Queries are an important feature in Hypar, used for a number of different purposes across the platform.
Here are some examples of where you can use queries:
- Overrides use queries to find their
context— the set of elements the override applies to.
- Function Visibility Filters use queries to specify which elements are visible in the scene.
- You can utilize queries to populate a dropdown menu input with
Hypar’s queries utilize json-query, so you’re welcome to refer to their documentation for more details on syntax. This guide is intended to cover what you need to know to use queries in Hypar and provide you with some helpful tips.
Most queries on Hypar look something like this:
[*discriminator=Elements.Wall].HeightThis query gets all of the
Wallelements in the model, and gets their
Heightproperty. The term
discriminatorrefers to a special element property which is used by various systems on Hypar to know what type an element is — to discriminate between one type and another.
The portion in
specifies the “filter” conditions. The
[* ... ]syntax retrieves all items that satisfy the criteria within. It’s possible to combine multiple criteria with the
|symbol (for “OR”) or
The portion outside of the
is utilized to retrieve properties. You can use
.to “drill” down into nested properties. Some Hypar features, like Visibility Filters and Override
contextonly support the “filter” component of a query —
For example, this query gets the
Floorelements in the model:
[*discriminator=Elements.Wall | discriminator=Elements.Floor].Area
And this query gets all SpaceBoundary elements with a
Nameof “Open Office”:
[*discriminator=Elements.SpaceBoundary & Name=Open Office]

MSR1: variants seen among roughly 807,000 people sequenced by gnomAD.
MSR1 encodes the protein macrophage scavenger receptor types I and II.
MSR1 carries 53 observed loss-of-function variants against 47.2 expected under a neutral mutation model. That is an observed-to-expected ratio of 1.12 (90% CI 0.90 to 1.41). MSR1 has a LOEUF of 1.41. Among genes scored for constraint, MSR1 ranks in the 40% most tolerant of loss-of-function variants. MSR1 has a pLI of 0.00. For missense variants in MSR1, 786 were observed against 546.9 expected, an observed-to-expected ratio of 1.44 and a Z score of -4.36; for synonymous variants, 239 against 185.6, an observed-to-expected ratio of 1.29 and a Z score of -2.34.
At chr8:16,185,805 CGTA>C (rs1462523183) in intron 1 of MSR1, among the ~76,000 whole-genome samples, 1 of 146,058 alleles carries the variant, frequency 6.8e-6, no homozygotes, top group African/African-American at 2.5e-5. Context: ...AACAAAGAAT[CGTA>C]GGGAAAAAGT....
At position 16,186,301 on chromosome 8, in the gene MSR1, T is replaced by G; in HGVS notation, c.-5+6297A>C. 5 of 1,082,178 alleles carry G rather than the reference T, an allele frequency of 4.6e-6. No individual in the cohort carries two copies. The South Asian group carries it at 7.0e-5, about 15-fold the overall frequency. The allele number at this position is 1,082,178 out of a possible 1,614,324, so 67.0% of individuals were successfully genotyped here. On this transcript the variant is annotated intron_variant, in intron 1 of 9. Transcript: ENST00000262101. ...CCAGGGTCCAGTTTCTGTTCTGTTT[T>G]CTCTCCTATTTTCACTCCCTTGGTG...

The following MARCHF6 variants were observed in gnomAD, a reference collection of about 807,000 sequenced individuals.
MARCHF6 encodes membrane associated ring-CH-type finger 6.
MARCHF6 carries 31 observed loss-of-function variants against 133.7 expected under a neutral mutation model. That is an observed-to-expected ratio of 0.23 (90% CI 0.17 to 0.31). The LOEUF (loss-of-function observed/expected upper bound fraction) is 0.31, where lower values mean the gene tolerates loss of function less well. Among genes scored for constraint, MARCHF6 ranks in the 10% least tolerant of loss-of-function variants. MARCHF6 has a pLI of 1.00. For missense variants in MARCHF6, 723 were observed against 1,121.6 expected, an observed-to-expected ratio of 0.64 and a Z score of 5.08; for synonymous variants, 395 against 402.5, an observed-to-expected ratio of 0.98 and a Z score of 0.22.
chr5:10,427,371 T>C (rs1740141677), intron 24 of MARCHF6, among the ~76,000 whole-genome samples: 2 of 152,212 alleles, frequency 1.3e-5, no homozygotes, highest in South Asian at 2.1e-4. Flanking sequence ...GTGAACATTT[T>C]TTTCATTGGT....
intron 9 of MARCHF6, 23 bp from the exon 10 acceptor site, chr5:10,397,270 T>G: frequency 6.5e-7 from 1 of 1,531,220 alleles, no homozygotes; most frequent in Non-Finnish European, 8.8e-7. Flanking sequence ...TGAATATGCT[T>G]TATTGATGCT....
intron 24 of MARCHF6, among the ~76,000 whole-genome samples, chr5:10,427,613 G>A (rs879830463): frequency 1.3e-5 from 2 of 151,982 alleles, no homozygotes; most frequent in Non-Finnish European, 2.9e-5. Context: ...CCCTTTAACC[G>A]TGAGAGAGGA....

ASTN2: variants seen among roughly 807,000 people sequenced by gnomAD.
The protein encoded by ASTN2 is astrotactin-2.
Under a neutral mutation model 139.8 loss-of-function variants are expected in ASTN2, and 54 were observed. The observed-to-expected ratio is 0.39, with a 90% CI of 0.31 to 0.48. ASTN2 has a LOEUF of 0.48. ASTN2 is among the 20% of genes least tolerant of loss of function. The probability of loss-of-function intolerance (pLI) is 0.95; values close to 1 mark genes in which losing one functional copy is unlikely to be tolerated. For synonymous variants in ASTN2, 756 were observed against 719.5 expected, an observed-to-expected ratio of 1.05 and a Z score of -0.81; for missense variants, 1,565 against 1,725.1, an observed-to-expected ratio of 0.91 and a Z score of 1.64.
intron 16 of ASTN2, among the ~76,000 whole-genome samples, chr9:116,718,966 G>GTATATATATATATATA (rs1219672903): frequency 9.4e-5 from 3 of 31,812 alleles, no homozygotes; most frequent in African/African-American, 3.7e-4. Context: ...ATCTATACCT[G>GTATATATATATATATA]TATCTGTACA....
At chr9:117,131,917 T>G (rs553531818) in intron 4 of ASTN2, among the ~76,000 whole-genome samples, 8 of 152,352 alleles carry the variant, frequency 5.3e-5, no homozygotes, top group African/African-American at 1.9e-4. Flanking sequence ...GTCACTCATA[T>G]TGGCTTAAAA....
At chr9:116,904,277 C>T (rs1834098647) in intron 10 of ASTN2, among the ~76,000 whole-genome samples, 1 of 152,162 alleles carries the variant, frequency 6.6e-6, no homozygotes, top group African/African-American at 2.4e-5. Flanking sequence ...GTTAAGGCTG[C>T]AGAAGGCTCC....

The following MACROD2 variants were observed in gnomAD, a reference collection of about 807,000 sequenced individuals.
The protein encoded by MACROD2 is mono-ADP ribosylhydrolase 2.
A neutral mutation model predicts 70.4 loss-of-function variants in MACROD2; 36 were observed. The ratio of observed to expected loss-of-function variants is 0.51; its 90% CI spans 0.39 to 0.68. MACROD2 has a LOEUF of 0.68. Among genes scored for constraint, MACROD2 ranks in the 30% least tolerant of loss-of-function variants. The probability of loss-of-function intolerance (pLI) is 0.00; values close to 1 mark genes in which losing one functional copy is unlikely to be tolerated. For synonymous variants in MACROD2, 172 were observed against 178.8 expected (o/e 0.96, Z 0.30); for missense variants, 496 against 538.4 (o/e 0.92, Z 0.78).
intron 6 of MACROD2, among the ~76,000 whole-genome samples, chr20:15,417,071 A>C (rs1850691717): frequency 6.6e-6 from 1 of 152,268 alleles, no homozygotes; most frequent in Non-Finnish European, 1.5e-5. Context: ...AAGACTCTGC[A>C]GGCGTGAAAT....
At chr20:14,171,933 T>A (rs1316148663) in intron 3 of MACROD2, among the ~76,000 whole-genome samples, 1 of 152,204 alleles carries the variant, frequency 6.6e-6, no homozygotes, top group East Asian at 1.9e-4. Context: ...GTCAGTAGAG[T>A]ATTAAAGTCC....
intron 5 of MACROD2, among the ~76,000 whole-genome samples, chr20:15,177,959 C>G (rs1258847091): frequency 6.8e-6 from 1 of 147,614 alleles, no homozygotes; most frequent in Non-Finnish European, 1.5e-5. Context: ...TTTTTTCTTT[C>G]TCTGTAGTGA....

🚧 Caution! 🚧
Queries are sensitive to case and spacing, based on the
JsonPropertyof the object you are querying. For example, in order to query the
Product Nameshown in the code below, your query would be:
Because we are querying the serialized JSON of this object, we need “Product Name” with a space between the words as defined in the
In addition to this basic property retrieval, there are some special Hypar methods that let you do even more with your queries. Helper methods are functions that can follow some querying, and then the first argument to the helper method will be the result of query. If your query results in multiple values, then the helper method is run on each item in that array individually.The syntax for using a helper method is
Note, we always query against a specific model, and the model that is in use can vary depending on the context.
These queries can be used inside the filter portion of your query — between the
hasName- filter for items that have a name. For example,
ViewScopeelements that have a
Nameproperty that isn’t null or empty.
filterOnNestedPropertyValue- filters the list of objects based on a (potentially nested) property value. For example,
- is equal to
- — in other words, all the instances of the element with that ID.
transformOrigin- This will filter your query based on the XYZ position of its
Transformproperty. Useful for broad geometric filtering. For example,
[*discriminator=Elements.Mass&:transformOrigin(x, >, 5)]will retrieve all
Masselements with an
xposition that’s greater than 5.
These queries can be used to perform additional processing on the values retrieved by the query, and typically go outside the
joinToString- join a list of strings together with commas
[*discriminator=Elements.Envelope].Name:joinToStringwill return a single string value, joining together the names of all the envelopes in the model.
getElement- takes in an id, and will fetch that element. Useful for navigating to another Element via your query. For example,
- Get all the walls
- Look at each wall’s
- Find the Level element with that Id
- Retrieve the
Elevationof the level
getElementFromDependency- This functions the same as
getElement, but is able to search for elements in dependent models as well.